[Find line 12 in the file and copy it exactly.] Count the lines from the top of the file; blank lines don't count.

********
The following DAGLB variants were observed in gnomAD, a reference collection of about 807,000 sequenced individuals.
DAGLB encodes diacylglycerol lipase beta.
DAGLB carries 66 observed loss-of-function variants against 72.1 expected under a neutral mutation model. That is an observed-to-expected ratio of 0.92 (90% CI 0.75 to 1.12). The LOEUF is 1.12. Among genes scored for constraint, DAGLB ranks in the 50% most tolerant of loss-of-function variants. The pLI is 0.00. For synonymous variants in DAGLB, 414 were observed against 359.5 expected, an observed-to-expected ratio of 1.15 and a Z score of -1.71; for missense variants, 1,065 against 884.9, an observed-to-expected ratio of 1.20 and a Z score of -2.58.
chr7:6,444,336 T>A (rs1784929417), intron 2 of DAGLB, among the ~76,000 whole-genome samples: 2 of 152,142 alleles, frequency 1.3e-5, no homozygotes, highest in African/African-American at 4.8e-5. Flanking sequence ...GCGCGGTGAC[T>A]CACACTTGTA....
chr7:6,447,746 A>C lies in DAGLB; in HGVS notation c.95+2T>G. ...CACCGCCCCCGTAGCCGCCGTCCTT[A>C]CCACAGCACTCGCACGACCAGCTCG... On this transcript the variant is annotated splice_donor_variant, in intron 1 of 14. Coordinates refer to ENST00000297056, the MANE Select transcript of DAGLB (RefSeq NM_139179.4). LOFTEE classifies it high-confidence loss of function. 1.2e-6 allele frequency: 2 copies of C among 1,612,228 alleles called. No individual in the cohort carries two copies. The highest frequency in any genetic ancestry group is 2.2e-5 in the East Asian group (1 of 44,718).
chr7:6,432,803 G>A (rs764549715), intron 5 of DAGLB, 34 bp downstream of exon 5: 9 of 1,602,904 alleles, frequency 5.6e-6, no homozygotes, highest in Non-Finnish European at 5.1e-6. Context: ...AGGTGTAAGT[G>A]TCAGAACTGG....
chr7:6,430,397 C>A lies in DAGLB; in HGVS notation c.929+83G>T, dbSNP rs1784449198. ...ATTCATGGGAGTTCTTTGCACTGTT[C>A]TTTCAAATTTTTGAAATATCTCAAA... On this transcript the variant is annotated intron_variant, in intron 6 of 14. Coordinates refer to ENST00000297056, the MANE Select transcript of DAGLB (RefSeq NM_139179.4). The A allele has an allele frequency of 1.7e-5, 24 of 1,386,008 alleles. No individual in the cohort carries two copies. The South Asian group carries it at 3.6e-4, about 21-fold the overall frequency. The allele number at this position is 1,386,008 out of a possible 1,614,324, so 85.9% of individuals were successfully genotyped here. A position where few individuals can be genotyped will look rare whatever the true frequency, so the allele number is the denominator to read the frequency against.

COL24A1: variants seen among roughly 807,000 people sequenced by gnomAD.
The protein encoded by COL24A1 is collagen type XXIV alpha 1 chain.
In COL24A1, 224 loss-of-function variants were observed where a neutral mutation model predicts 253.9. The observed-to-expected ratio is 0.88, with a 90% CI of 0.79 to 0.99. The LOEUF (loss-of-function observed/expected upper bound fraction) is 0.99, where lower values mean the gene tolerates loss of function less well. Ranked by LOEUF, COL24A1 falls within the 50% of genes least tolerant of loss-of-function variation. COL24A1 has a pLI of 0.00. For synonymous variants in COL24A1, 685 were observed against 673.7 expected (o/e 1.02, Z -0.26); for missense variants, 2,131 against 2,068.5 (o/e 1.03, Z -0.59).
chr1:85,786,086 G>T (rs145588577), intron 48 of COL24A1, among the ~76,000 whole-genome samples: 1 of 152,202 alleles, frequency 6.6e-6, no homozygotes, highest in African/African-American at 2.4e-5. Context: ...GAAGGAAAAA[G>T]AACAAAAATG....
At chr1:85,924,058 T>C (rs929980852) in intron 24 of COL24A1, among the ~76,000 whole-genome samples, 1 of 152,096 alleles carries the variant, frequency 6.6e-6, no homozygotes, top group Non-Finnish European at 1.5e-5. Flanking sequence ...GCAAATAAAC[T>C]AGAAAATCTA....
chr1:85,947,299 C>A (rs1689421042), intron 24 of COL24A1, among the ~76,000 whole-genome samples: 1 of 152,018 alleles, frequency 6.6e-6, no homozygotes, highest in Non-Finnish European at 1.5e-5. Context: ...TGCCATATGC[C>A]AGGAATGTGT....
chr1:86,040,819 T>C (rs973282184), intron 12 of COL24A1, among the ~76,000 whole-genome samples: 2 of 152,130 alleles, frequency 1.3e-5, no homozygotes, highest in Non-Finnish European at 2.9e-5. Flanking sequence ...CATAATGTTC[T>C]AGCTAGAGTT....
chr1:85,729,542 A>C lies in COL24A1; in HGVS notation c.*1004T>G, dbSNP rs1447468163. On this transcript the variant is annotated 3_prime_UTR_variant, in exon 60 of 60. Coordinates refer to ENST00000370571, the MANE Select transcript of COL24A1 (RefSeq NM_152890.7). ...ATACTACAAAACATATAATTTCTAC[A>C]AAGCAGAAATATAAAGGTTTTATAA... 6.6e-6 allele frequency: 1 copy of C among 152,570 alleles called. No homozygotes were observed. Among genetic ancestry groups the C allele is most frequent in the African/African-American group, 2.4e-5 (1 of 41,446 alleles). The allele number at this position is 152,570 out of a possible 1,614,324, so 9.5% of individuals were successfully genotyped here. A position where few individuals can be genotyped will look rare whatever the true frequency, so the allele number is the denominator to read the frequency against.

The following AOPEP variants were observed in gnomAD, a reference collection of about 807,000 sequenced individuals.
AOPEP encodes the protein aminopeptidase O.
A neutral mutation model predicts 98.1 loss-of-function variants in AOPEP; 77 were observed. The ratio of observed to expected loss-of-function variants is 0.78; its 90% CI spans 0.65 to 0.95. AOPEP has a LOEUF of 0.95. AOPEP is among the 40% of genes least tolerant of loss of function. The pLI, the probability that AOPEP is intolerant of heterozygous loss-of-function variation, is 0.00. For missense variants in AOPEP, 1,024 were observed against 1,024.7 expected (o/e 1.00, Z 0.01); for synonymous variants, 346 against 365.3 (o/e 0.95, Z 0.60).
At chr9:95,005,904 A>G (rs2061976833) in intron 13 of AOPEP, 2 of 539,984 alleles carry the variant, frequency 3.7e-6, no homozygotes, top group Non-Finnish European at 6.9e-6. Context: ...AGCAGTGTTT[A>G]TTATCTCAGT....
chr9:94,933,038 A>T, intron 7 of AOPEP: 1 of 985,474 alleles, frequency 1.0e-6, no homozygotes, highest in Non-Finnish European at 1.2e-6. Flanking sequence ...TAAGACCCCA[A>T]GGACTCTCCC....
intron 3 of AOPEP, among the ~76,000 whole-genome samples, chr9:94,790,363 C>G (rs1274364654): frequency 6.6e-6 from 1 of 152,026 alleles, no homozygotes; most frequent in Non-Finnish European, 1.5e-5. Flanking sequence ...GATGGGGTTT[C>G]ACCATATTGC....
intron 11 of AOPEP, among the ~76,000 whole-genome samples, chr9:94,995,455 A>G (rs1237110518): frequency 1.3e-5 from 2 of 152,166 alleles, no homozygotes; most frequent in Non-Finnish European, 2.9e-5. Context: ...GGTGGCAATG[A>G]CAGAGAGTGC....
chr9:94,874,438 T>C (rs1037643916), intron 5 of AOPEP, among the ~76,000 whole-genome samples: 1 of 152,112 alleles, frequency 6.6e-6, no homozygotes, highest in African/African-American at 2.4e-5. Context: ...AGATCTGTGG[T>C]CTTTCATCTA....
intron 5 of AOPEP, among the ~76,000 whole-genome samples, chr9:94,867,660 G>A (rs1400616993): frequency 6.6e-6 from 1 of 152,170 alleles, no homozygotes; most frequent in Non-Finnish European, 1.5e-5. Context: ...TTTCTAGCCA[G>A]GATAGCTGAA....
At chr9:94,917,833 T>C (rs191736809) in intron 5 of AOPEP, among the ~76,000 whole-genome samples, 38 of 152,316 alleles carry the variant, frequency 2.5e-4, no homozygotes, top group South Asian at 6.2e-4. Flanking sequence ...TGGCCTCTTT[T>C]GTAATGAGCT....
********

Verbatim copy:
At chr1:85,924,058 T>C (rs929980852) in intron 24 of COL24A1, among the ~76,000 whole-genome samples, 1 of 152,096 alleles carries the variant, frequency 6.6e-6, no homozygotes, top group Non-Finnish European at 1.5e-5. Flanking sequence ...GCAAATAAAC[T>C]AGAAAATCTA....